As trophy hunting becomes less socially acceptable in the US and Europe, it seems the industry is turning to China, which has hosted its first show dedicated to blood sports, with trophy hunting operators from Africa running most of the stands.
The inaugural China Hunting Show took place in Shanghai’s National Convention and Exhibition Center in June.
China’s burgeoning middle class has been estimated to have grown to 400m and in 2017 130m Chinese tourists travelled abroad. The UN World Tourism Organisation has said that overseas consumption by Chinese tourists accounted for over one fifth of the world’s total. A growing pastime for many of this travelling class is hunting and safari hunting, it seems, and specialist companies serving the market are identifying the wealthy Chinese middle classes.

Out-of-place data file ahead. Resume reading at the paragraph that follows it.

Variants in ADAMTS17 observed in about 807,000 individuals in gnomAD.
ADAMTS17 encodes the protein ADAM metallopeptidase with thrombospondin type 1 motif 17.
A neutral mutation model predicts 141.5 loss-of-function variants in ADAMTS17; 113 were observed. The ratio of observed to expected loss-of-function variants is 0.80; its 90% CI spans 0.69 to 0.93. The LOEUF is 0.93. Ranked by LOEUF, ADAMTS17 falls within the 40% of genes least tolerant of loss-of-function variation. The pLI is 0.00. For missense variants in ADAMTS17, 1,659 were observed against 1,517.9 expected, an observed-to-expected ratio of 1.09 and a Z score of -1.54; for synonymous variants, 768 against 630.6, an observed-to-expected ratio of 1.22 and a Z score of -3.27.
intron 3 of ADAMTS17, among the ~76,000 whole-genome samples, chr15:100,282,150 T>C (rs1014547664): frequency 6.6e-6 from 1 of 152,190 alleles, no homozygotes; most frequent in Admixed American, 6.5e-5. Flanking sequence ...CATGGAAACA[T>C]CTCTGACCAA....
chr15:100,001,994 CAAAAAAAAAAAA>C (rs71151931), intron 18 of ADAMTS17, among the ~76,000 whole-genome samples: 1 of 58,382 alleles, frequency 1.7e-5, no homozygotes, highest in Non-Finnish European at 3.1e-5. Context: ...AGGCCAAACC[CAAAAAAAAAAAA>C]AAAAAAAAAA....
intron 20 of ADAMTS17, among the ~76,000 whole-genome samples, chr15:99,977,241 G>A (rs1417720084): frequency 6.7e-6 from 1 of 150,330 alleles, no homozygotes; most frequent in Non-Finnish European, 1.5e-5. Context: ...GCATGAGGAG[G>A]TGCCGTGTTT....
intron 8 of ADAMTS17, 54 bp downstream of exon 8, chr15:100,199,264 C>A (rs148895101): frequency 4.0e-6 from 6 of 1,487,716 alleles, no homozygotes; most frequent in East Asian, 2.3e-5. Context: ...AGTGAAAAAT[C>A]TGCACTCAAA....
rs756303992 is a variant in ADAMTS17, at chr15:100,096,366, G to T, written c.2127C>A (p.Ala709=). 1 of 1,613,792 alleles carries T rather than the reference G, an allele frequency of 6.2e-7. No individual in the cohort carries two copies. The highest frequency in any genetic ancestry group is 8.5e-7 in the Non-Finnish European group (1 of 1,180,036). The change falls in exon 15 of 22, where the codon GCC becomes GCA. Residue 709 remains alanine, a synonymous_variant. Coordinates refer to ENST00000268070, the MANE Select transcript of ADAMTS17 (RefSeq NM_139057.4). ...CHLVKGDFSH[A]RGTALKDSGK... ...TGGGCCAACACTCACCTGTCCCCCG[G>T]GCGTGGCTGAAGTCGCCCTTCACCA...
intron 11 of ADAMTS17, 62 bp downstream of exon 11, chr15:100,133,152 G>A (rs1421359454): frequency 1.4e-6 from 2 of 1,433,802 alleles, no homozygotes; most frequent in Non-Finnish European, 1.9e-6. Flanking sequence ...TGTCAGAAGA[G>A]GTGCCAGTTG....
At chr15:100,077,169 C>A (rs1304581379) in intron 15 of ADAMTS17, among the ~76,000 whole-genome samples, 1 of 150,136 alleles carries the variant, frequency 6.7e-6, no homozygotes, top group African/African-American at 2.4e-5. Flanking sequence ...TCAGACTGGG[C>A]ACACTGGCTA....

Data from the Convention on International Trade in Endangered Species (CITES), say that Chinese hunters took home 18 trophies from overseas in 2007. That figure had grown to 2,140 ten years later.
The first China Hunting Show was held in conjunction with the 24th annual China International Boat Show – part of a broader outdoor lifestyle show that featured fishing, camping and boating.
The combined show drew 35,000 attendees and 600 exhibitors according to organisers, Field Sports Exhibitions LLC.